THE former youth hostel in Roath which has been empty since 2014, is set to be demolished.
Owners, Draycott Construction Ltd, submitted an application to Cardiff Council in December last year and have now been granted approval to demolish the Wedal Road building.
However no demolition works can take place until Draycott makes an application for Conservation Area Consent to the council.
Draycott were also recommended to “liaise directly with Network Rail should any works be proposed which would affect the embankment to the railway”.
The building has most recently been used by the Made in Roath festival in 2016, when the space was used as a temporary studio for the annual arts festival.
The site also gained local notoriety last May after a series of cryptic messages were left on the railings outside the building.
One sign warned residents that “all trespassers will be prosecuted by the law of the royal chimpanzee court.
“If you are caught trespassing, you will be guilty until proven innocent. You will never be proved innocent and will face a sentence of 32.62 years in jail.”
The site was in the news again in July after a passerby spotted a series of creatures and figures in the windows, which later turned out to be puppets made by children.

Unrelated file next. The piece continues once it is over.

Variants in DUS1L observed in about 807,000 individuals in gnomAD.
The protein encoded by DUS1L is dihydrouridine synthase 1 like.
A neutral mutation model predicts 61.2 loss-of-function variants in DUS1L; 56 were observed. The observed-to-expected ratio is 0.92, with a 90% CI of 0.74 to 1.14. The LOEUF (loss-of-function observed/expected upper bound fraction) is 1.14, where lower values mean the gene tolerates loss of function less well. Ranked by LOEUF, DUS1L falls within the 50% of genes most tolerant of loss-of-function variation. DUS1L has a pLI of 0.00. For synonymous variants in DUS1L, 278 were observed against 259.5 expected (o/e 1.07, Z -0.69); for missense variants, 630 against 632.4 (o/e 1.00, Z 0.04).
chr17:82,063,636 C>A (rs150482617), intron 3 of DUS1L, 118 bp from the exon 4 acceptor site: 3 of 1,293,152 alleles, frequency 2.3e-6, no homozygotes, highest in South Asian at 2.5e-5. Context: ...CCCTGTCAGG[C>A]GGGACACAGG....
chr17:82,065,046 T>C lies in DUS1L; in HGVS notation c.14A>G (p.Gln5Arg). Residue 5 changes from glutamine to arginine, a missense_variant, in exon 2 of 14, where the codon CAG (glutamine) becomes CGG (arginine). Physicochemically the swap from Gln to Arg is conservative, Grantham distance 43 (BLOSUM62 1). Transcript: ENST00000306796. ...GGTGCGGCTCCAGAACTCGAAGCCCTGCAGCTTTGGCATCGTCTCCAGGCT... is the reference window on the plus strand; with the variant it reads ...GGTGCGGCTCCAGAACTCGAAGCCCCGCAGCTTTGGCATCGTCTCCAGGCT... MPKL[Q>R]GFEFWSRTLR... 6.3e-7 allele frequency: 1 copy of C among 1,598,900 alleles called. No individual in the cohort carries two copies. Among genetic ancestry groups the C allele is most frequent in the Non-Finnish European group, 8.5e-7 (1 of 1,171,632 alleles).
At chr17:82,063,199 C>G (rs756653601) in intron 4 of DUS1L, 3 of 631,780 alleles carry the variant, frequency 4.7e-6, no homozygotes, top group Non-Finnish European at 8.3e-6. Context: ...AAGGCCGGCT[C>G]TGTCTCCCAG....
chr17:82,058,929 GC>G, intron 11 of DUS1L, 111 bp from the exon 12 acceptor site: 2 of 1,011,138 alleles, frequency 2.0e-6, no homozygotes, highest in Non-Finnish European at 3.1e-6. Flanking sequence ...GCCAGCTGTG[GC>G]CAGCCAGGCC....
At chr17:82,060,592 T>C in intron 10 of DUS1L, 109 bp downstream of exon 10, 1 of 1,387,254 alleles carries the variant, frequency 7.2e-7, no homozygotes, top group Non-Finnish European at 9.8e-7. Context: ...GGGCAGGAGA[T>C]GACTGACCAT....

The building has been abandoned since the Youth Hostel Association’s lease on the site ran out in 2014 and they moved into the former Mercure Hotel site in East Tyndall Street in 2015.
The building was then put up for auction in February 2016 with a guide price of £350,000, but was withdrawn prior to auction and has since been sold to a property developer.
The building hosted 68 bedrooms when operational and also came with a three bedroom detached house.
However after the building became abandoned Japanese Knotweed appeared on the property which has deterred buyers.
At the time of the auction Matt Tyler, head of property auctions at Seel & Co, said: “The building is in good condition and, given the size of the spaces, offers an amazing opportunity for refurbishment and reconfiguration.
“There are a number of potential residential options for the new buyer including student accommodation, residential flats or even houses. Commercially, the building could be used for offices or even a specialist healthcare centre, subject to planning consent of course.
“Of course, the Knotweed on site could affect the ability to secure a residential mortgage, so developers need to bear that in mind. But this is a prime location in a wonderful part of the city, and I fully expect it to smash the guide price.”